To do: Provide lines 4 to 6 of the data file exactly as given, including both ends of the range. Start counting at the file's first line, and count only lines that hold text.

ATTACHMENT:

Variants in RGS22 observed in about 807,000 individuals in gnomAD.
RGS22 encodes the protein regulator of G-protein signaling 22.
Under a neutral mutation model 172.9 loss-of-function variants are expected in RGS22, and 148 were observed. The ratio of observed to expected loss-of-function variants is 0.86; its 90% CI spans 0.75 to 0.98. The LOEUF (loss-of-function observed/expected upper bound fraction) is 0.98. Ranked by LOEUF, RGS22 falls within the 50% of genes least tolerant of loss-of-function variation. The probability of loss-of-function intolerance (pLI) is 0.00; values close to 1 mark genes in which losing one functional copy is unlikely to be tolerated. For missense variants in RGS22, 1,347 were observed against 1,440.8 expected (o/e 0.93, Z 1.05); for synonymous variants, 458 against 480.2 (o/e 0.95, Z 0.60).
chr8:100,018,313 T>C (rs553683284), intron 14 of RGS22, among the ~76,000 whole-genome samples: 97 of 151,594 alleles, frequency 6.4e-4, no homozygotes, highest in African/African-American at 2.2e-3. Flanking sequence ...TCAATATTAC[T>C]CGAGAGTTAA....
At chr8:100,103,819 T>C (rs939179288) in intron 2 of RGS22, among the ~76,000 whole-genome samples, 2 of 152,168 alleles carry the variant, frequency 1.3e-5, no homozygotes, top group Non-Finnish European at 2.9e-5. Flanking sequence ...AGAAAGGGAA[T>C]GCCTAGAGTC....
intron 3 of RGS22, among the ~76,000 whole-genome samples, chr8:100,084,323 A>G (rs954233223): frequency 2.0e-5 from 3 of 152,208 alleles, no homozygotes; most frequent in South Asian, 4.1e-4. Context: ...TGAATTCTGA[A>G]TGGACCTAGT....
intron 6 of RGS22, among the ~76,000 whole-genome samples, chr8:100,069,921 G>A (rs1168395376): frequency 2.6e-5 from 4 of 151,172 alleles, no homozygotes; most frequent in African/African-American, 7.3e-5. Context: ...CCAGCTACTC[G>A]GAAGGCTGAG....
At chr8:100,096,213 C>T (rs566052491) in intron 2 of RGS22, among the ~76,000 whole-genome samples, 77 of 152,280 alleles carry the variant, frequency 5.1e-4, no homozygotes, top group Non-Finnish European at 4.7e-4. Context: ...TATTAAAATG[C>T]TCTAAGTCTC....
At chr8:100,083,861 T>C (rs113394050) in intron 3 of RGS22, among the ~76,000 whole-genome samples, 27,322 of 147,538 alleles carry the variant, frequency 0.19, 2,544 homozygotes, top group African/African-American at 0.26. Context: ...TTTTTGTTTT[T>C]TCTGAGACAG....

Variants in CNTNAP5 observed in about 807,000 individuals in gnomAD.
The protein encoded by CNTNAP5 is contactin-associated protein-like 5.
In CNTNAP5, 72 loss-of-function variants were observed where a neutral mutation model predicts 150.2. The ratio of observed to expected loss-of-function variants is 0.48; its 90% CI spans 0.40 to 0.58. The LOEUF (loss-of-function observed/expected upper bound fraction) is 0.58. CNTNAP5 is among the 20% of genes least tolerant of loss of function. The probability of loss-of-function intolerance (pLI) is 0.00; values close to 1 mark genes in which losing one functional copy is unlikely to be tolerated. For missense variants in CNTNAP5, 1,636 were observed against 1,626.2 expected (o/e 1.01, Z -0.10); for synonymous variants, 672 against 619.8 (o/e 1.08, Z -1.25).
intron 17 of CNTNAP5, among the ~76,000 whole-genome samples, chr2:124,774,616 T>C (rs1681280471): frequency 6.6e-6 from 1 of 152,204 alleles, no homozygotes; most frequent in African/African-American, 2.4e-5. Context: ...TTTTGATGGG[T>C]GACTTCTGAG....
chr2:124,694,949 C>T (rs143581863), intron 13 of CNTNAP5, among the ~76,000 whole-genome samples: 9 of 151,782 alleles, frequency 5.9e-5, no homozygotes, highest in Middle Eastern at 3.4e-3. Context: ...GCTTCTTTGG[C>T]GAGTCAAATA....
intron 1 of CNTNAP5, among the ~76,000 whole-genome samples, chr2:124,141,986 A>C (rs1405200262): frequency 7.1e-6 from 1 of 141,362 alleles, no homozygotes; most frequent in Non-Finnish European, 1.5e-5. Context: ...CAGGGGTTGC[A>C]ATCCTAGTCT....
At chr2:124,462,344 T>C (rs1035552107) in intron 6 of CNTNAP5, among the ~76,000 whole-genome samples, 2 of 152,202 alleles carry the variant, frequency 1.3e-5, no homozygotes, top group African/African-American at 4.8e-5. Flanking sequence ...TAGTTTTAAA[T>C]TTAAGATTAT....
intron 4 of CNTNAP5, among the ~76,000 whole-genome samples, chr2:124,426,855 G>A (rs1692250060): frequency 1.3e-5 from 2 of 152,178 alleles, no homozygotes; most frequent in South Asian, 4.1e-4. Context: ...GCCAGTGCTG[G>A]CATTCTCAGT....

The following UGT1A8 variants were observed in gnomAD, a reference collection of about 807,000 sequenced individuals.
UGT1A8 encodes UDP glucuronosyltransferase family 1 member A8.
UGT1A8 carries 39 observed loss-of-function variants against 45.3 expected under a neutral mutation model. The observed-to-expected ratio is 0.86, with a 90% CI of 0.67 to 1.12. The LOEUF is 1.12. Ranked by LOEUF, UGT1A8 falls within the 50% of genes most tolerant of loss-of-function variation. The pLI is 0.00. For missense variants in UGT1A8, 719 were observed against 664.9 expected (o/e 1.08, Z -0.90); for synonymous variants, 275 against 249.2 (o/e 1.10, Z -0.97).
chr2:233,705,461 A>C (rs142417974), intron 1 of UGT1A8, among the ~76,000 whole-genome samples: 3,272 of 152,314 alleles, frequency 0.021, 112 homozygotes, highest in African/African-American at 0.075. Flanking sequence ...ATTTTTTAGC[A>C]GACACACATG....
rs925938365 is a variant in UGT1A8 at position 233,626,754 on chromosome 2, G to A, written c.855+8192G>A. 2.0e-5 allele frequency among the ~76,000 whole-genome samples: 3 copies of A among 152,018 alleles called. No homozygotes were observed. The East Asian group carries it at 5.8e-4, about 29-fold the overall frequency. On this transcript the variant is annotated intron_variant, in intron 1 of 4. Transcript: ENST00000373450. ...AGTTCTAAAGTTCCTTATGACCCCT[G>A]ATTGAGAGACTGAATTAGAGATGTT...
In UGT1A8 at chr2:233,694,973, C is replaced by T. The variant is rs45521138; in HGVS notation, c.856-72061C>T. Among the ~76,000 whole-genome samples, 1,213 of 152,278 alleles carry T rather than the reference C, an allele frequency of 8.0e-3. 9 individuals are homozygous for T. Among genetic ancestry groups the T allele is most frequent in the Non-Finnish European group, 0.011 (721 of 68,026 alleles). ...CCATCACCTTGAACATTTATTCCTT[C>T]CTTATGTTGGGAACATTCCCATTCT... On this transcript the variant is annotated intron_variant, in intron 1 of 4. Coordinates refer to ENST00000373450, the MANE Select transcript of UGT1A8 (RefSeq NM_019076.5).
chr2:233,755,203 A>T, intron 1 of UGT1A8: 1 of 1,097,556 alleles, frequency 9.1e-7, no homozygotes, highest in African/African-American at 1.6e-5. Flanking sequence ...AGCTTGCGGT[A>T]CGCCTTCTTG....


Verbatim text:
chr8:100,018,313 T>C (rs553683284), intron 14 of RGS22, among the ~76,000 whole-genome samples: 97 of 151,594 alleles, frequency 6.4e-4, no homozygotes, highest in African/African-American at 2.2e-3. Flanking sequence ...TCAATATTAC[T>C]CGAGAGTTAA....
At chr8:100,103,819 T>C (rs939179288) in intron 2 of RGS22, among the ~76,000 whole-genome samples, 2 of 152,168 alleles carry the variant, frequency 1.3e-5, no homozygotes, top group Non-Finnish European at 2.9e-5. Flanking sequence ...AGAAAGGGAA[T>C]GCCTAGAGTC....
intron 3 of RGS22, among the ~76,000 whole-genome samples, chr8:100,084,323 A>G (rs954233223): frequency 2.0e-5 from 3 of 152,208 alleles, no homozygotes; most frequent in South Asian, 4.1e-4. Context: ...TGAATTCTGA[A>G]TGGACCTAGT....